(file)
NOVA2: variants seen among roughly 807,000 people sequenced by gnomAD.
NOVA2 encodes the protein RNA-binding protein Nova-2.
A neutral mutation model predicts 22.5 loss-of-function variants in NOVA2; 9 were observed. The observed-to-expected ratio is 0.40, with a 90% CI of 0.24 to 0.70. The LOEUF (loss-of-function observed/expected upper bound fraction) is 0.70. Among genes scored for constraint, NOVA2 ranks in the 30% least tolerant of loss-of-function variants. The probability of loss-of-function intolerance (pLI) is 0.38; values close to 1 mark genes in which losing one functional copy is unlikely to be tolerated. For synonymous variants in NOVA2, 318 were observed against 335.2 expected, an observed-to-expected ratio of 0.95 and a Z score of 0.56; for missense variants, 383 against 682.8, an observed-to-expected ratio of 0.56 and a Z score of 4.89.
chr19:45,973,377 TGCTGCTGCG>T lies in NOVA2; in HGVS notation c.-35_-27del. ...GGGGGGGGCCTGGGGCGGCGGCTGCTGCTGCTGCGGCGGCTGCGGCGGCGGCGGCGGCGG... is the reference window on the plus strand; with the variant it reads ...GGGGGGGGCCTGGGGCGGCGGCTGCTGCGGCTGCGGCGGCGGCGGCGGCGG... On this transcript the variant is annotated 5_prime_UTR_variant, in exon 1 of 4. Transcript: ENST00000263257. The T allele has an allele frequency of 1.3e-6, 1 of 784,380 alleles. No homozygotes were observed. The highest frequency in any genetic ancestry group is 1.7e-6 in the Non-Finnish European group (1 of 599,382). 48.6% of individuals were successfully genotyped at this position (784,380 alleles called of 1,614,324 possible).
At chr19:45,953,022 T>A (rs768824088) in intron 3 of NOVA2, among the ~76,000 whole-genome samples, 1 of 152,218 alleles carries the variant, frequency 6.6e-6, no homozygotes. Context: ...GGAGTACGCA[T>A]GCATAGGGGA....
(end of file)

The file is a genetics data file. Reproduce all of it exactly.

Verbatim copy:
NOVA2: variants seen among roughly 807,000 people sequenced by gnomAD.
NOVA2 encodes the protein RNA-binding protein Nova-2.
A neutral mutation model predicts 22.5 loss-of-function variants in NOVA2; 9 were observed. The observed-to-expected ratio is 0.40, with a 90% CI of 0.24 to 0.70. The LOEUF (loss-of-function observed/expected upper bound fraction) is 0.70. Among genes scored for constraint, NOVA2 ranks in the 30% least tolerant of loss-of-function variants. The probability of loss-of-function intolerance (pLI) is 0.38; values close to 1 mark genes in which losing one functional copy is unlikely to be tolerated. For synonymous variants in NOVA2, 318 were observed against 335.2 expected, an observed-to-expected ratio of 0.95 and a Z score of 0.56; for missense variants, 383 against 682.8, an observed-to-expected ratio of 0.56 and a Z score of 4.89.
chr19:45,973,377 TGCTGCTGCG>T lies in NOVA2; in HGVS notation c.-35_-27del. ...GGGGGGGGCCTGGGGCGGCGGCTGCTGCTGCTGCGGCGGCTGCGGCGGCGGCGGCGGCGG... is the reference window on the plus strand; with the variant it reads ...GGGGGGGGCCTGGGGCGGCGGCTGCTGCGGCTGCGGCGGCGGCGGCGGCGG... On this transcript the variant is annotated 5_prime_UTR_variant, in exon 1 of 4. Transcript: ENST00000263257. The T allele has an allele frequency of 1.3e-6, 1 of 784,380 alleles. No homozygotes were observed. The highest frequency in any genetic ancestry group is 1.7e-6 in the Non-Finnish European group (1 of 599,382). 48.6% of individuals were successfully genotyped at this position (784,380 alleles called of 1,614,324 possible).
At chr19:45,953,022 T>A (rs768824088) in intron 3 of NOVA2, among the ~76,000 whole-genome samples, 1 of 152,218 alleles carries the variant, frequency 6.6e-6, no homozygotes. Context: ...GGAGTACGCA[T>A]GCATAGGGGA....